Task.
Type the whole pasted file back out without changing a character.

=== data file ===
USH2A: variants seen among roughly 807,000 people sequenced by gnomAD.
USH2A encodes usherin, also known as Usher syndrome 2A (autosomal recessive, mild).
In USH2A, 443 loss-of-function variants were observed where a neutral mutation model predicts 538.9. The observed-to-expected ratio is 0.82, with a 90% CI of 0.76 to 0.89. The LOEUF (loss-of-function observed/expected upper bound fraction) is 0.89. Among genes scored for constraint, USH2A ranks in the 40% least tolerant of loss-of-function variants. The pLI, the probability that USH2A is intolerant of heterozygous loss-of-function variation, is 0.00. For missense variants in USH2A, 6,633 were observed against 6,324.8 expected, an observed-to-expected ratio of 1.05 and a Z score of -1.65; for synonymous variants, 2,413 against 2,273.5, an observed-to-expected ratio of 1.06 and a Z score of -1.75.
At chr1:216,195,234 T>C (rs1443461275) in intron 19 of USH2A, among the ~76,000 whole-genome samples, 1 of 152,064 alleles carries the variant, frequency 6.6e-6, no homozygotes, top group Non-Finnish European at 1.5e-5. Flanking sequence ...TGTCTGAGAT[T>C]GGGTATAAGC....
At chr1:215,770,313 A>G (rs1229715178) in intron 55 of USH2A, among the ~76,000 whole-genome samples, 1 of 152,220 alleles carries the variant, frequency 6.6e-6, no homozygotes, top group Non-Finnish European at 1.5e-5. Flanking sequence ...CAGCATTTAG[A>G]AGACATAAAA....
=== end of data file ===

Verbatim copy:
USH2A: variants seen among roughly 807,000 people sequenced by gnomAD.
USH2A encodes usherin, also known as Usher syndrome 2A (autosomal recessive, mild).
In USH2A, 443 loss-of-function variants were observed where a neutral mutation model predicts 538.9. The observed-to-expected ratio is 0.82, with a 90% CI of 0.76 to 0.89. The LOEUF (loss-of-function observed/expected upper bound fraction) is 0.89. Among genes scored for constraint, USH2A ranks in the 40% least tolerant of loss-of-function variants. The pLI, the probability that USH2A is intolerant of heterozygous loss-of-function variation, is 0.00. For missense variants in USH2A, 6,633 were observed against 6,324.8 expected, an observed-to-expected ratio of 1.05 and a Z score of -1.65; for synonymous variants, 2,413 against 2,273.5, an observed-to-expected ratio of 1.06 and a Z score of -1.75.
At chr1:216,195,234 T>C (rs1443461275) in intron 19 of USH2A, among the ~76,000 whole-genome samples, 1 of 152,064 alleles carries the variant, frequency 6.6e-6, no homozygotes, top group Non-Finnish European at 1.5e-5. Flanking sequence ...TGTCTGAGAT[T>C]GGGTATAAGC....
At chr1:215,770,313 A>G (rs1229715178) in intron 55 of USH2A, among the ~76,000 whole-genome samples, 1 of 152,220 alleles carries the variant, frequency 6.6e-6, no homozygotes, top group Non-Finnish European at 1.5e-5. Flanking sequence ...CAGCATTTAG[A>G]AGACATAAAA....